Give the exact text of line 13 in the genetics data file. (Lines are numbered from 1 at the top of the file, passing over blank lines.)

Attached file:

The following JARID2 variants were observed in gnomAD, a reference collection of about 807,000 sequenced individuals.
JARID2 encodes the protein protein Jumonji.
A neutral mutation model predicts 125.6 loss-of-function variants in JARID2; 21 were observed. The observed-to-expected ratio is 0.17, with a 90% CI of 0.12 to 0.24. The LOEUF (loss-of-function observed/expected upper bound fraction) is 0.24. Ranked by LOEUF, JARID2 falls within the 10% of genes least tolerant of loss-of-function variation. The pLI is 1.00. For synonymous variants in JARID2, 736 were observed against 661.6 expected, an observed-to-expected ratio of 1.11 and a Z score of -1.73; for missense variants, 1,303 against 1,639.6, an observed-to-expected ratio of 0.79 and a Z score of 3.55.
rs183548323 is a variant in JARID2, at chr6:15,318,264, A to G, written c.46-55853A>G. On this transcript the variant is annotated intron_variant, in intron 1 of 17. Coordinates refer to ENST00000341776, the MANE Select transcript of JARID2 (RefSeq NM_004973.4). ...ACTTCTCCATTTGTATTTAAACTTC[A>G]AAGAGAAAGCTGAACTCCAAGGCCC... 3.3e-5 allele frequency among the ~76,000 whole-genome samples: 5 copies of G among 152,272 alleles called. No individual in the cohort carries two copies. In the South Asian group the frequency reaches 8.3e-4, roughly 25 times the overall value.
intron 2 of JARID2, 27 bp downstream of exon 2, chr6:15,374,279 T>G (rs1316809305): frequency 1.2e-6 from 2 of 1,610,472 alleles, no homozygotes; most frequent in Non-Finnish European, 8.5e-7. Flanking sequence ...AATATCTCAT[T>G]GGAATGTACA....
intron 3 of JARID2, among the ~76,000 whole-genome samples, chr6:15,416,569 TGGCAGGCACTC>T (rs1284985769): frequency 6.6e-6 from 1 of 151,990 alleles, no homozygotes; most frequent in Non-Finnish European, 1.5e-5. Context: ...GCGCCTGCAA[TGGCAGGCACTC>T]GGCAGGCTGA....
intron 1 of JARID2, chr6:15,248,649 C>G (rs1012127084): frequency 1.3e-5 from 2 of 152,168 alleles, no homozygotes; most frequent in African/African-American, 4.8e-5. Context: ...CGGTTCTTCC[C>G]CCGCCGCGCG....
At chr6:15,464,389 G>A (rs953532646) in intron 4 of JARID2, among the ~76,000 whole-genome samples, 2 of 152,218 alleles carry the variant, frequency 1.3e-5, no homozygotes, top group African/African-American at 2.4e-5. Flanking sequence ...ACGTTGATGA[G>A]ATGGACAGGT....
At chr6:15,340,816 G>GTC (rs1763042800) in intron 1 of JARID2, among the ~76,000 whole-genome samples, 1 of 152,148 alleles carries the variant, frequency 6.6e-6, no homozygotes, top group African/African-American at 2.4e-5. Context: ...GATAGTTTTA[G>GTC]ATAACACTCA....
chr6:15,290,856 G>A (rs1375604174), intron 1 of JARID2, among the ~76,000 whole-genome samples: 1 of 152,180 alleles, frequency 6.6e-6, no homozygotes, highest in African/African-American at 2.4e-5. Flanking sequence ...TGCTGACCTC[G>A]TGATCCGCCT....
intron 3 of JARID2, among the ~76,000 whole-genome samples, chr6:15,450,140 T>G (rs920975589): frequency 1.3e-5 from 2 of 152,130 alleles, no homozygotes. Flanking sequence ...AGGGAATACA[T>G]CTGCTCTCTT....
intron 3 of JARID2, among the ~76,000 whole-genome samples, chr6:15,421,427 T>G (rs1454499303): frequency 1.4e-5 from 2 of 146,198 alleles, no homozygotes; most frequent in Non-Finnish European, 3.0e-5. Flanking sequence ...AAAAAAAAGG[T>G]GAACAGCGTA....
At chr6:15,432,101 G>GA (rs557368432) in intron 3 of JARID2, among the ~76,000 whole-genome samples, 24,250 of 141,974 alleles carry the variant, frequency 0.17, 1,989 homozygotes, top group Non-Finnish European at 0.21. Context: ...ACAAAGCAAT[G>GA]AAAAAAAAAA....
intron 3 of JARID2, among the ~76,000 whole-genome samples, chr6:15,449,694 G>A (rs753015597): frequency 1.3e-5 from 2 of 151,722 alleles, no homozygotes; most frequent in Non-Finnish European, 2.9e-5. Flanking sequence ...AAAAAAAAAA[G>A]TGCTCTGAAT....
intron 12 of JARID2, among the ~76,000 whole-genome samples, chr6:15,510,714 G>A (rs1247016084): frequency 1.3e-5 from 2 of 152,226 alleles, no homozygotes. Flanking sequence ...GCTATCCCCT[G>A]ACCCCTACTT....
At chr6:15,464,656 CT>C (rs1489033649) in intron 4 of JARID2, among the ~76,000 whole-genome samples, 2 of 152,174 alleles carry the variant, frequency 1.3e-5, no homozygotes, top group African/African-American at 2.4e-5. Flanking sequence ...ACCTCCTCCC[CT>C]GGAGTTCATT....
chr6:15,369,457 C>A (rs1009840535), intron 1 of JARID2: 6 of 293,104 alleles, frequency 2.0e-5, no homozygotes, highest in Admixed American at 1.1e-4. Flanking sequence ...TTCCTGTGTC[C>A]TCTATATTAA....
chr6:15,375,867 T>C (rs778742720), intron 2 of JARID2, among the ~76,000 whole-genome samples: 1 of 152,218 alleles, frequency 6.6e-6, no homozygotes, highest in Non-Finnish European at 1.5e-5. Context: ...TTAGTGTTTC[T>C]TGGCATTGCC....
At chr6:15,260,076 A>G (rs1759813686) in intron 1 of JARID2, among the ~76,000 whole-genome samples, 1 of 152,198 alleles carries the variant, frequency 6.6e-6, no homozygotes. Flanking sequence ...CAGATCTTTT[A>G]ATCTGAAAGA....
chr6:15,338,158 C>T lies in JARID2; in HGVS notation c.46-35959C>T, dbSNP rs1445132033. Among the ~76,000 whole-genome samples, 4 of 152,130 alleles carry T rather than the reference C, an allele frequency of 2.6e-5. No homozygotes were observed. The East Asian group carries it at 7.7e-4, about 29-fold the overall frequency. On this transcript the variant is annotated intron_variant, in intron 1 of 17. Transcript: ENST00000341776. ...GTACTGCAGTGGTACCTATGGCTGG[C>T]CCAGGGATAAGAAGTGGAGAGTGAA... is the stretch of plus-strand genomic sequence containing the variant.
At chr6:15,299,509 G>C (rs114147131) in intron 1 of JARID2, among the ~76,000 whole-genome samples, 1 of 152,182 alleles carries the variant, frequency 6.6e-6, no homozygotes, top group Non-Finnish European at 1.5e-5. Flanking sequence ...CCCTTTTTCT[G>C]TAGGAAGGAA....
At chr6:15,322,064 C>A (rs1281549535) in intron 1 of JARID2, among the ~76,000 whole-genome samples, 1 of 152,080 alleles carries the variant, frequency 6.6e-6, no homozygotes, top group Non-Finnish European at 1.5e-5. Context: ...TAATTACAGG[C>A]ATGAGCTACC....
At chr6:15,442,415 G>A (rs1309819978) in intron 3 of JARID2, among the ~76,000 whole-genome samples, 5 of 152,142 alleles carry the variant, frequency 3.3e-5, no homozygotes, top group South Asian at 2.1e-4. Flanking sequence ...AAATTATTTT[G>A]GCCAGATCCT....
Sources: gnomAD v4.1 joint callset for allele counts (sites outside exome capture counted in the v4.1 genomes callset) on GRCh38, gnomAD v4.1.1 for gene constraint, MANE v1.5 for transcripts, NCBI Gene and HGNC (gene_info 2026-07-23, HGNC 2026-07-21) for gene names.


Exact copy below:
At chr6:15,432,101 G>GA (rs557368432) in intron 3 of JARID2, among the ~76,000 whole-genome samples, 24,250 of 141,974 alleles carry the variant, frequency 0.17, 1,989 homozygotes, top group Non-Finnish European at 0.21. Context: ...ACAAAGCAAT[G>GA]AAAAAAAAAA....